1. Gary and I send our deepest condolences to the entire Family. Al was kind, generous and always interested in what we had to say and how we were doing in life. Although it has been several years since we last visited, the memories of our interactions still surface easily. He will be missed but not forgotten.

    Tracey Ball and Gary Reynolds

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  2. Carol Patterson :

    Al will leave a huge hole in all our lives. I first met Al on safari in Africa and his charisma was evident from the start. We served on the zoo board together for many years and he was always generous with his tremendous knowledge of business and science. I loved his stories and was honored to hear his presentation on his early days exploring the Canadian Arctic. Al was one of a kind and our world is a sadder place with his passing.

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  3. Please accept my sincere condolences on the loss of Al. He and I worked together at Imperial Oil in the 1950’s and I always found him to be a gentle but strong geologist. The world is a better place because Al was part of our lives and the oil business in Western Canada.
    David Stauft

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  4. Garth and Barbara Greenwood :

    To Fran and family, our sincere sympathy at Al’s passing. Al was a great geologist and naturalist. I will miss his humour and the many golf games we had together.

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  5. Sandy Hutcheson :

    Sandy & Joy we offer our condolences to the entire family. We will miss Alan.
    Sandy and Joy Hutcheson

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  6. Heather Johnson :

    My sincere condolences to the Rudkin family. I remember several visits to your beautiful Springbank family home. While I only met Al a few times I heard many stories of his ongoing adventures from Jane, Bruce and David and know the respect and admiration they held for their father. May memories hold strong.

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  7. Gordon and Joan Holland :

    To Fran and Family – our sincere condolences and sypathy on the loss of Al – he was an unique individual and there will never be another Al – we will miss his many stories – he had a remakable memory – our thoughts and prayers are with you all.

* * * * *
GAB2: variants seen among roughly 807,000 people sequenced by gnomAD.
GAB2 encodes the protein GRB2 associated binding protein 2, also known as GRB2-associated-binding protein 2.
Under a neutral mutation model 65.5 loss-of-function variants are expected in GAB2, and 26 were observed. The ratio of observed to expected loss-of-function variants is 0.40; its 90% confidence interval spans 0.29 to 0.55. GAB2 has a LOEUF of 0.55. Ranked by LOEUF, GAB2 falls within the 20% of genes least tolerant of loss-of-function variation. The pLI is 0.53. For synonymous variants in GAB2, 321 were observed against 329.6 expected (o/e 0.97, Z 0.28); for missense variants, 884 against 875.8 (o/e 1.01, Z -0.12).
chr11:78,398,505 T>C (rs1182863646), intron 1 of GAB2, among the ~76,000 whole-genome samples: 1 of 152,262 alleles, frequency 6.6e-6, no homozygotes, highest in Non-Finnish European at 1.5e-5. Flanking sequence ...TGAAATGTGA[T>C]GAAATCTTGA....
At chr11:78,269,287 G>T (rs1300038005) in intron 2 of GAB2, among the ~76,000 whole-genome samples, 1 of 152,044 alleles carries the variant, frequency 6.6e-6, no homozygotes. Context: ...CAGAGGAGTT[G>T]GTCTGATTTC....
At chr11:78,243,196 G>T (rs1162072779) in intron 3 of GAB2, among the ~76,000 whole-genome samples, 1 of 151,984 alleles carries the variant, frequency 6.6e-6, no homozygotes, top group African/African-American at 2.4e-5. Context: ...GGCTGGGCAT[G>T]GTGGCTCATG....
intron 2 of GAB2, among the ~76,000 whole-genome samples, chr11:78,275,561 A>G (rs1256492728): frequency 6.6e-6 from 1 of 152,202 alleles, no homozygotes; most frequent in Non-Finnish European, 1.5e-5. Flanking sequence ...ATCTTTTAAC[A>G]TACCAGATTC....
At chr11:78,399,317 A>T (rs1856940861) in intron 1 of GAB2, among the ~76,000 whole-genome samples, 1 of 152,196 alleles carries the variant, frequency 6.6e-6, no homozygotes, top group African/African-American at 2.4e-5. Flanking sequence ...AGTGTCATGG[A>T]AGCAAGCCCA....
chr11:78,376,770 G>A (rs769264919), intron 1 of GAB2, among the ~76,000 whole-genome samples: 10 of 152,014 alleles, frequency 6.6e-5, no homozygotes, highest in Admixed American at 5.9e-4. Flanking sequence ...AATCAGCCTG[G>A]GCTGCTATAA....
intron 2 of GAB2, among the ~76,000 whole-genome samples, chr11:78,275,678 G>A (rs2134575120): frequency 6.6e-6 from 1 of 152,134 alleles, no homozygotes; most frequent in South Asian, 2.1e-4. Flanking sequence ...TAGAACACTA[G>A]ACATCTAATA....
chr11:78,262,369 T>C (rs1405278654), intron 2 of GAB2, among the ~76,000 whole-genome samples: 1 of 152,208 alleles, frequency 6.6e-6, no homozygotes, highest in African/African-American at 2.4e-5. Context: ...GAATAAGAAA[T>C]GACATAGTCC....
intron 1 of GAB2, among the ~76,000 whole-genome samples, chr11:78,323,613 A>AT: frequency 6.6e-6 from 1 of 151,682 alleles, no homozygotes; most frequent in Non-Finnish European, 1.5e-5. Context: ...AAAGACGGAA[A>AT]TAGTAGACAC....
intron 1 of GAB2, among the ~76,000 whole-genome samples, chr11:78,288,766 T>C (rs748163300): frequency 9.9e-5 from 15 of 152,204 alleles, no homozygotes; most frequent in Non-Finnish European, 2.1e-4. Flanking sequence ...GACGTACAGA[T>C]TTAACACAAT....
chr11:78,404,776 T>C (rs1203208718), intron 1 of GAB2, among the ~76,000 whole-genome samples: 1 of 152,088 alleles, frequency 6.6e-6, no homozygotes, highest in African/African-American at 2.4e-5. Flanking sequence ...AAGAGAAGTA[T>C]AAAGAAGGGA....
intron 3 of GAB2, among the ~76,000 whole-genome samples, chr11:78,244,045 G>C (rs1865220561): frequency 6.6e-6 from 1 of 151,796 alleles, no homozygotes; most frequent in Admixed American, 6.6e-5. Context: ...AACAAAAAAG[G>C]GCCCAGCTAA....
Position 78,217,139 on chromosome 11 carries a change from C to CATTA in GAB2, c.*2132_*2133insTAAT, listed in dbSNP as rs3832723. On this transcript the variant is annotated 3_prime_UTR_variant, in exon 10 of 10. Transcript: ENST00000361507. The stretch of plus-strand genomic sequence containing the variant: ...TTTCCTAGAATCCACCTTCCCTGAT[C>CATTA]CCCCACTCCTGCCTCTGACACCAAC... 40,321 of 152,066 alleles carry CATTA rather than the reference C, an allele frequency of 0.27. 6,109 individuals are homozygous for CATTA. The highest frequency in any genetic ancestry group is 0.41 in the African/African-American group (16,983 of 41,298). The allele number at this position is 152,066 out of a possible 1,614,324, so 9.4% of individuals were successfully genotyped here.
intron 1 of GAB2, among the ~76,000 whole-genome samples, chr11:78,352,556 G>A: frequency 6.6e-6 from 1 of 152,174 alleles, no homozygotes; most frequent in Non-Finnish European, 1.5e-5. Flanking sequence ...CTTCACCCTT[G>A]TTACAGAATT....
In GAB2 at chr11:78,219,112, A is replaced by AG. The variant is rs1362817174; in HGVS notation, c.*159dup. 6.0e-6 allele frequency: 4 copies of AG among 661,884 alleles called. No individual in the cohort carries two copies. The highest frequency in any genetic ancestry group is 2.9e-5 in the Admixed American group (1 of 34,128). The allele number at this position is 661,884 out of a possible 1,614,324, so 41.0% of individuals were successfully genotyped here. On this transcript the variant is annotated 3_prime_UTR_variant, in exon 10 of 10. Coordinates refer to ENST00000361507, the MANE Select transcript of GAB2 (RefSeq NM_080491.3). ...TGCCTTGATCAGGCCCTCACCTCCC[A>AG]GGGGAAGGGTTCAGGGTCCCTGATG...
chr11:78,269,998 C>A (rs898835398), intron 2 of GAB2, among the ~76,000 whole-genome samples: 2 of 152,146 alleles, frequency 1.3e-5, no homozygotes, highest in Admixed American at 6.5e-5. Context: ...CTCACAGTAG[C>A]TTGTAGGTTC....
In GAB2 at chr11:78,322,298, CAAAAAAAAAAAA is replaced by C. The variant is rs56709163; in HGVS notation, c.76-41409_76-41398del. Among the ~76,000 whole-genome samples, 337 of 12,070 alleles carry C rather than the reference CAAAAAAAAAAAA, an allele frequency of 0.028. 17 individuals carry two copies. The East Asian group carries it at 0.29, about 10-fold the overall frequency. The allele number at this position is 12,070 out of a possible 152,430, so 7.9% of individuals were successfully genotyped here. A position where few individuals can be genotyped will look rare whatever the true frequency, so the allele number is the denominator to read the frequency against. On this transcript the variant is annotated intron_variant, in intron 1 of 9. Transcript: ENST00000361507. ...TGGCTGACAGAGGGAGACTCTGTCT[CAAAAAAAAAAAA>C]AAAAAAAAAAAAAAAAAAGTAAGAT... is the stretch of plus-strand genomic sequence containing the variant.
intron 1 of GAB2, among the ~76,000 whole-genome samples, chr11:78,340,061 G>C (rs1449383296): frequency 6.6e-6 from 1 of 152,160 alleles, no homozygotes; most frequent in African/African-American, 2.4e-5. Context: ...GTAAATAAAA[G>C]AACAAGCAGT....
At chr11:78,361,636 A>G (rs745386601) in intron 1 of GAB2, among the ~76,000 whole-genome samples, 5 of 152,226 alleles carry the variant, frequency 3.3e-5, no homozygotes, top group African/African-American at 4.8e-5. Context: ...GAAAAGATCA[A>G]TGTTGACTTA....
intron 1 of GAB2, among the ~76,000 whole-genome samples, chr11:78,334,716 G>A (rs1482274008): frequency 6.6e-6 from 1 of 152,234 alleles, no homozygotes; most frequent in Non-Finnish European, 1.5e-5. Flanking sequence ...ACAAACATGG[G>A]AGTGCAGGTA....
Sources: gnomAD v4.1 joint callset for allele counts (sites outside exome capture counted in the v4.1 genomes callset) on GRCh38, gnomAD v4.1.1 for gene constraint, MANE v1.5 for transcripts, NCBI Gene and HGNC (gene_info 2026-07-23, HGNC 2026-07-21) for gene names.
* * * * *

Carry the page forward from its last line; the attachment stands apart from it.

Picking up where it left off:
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  8. Jeanne and Stuart Rogers :

    We send our sympathy and kind regards to Fran and the rest of the family on Alan’s passing. He was fortunate to have achieved so much in his lifetime and will be missed by his Annuitant associates.

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  9. Fran and family,
    Our sincere sympathys.
    Ruth Grande

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  10. Our sincere sympathy to the Rudkin family in the passing of your patriarch. I never met Alan, but thoroughly enjoyed working for David for several years while he practiced in Mayerthorpe.

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  11. Myron and Joy Kirik :

    Joy and I send our condolences and deepest sympathy to Frances and family on Al’s passing. I met Al for the first time at the Calgary Zoo Educational Committee meetings in the late 1980’s. We had a lot of interesting discussions about the care of wildlife in captivity and the educational function of the Zoo. Al was very knowledgeable about wildlife, their habitat and how wildlife fits into the broader education of young children. Al was everyman’s naturalist and commanded a lot of respect from Zoo management and staff. I will surely miss Al for what he added to the quality of life around Calgary.

    Myron Kirik

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  12. Catherine Harradence :

    I was so very sorry to hear of Mr. Rudkin’s passing. It is a difficult time for family and friends so please know Jane that my thoughts are with you and your family. Although I never met Mr. Rudkin I so enjoyed hearing Jane’s amusing and loving stories about her father! Jane often mentioned that our fathers knew one another. I still have the pussywillows from the arrangement that Jane sent when my father passed away. So Jane I often think of you and will be as you celebrate your father’s incredible life.

    Catherine Harradence